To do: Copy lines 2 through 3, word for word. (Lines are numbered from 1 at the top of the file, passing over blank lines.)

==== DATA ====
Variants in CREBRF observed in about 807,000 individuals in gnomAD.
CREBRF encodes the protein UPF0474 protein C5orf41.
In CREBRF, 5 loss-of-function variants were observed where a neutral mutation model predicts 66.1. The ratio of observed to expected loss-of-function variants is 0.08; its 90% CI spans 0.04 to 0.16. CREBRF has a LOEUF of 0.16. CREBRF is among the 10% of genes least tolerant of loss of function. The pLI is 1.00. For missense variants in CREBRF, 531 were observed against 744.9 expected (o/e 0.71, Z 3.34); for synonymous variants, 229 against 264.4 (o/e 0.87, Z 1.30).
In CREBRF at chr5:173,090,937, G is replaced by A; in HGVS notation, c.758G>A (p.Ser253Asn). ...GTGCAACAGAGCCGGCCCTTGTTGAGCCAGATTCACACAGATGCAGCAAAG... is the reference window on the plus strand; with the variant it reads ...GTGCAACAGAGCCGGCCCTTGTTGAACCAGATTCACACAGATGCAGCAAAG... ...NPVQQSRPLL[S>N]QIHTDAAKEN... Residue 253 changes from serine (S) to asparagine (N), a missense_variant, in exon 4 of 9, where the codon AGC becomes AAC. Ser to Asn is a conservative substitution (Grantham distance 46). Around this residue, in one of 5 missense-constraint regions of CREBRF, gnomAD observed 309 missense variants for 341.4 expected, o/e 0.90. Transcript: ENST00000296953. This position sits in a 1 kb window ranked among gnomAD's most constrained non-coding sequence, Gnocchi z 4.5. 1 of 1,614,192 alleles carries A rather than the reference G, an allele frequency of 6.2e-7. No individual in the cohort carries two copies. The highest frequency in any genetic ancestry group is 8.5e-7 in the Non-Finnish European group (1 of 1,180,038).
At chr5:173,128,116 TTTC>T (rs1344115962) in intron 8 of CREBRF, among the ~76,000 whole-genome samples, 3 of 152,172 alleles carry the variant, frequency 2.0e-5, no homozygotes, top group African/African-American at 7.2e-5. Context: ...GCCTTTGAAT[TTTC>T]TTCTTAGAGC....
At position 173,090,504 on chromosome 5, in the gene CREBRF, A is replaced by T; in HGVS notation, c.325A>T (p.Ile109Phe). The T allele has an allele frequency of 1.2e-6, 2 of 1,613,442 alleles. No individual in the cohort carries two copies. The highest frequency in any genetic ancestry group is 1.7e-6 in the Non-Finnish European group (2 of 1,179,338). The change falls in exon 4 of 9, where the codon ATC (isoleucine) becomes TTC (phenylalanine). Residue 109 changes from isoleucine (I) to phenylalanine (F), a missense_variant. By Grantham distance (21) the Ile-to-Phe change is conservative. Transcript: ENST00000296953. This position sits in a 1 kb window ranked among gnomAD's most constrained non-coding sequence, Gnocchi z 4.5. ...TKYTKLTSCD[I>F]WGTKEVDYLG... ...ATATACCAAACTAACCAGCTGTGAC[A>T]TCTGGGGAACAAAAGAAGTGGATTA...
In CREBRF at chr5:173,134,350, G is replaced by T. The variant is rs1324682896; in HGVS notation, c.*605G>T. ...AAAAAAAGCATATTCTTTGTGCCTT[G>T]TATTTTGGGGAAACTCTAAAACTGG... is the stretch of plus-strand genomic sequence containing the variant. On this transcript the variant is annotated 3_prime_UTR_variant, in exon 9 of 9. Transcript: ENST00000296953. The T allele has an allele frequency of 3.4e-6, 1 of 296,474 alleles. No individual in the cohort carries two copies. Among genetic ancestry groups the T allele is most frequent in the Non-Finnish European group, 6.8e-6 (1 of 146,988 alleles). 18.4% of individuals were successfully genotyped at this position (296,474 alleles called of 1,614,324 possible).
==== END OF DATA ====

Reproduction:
CREBRF encodes the protein UPF0474 protein C5orf41.
In CREBRF, 5 loss-of-function variants were observed where a neutral mutation model predicts 66.1. The ratio of observed to expected loss-of-function variants is 0.08; its 90% CI spans 0.04 to 0.16. CREBRF has a LOEUF of 0.16. CREBRF is among the 10% of genes least tolerant of loss of function. The pLI is 1.00. For missense variants in CREBRF, 531 were observed against 744.9 expected (o/e 0.71, Z 3.34); for synonymous variants, 229 against 264.4 (o/e 0.87, Z 1.30).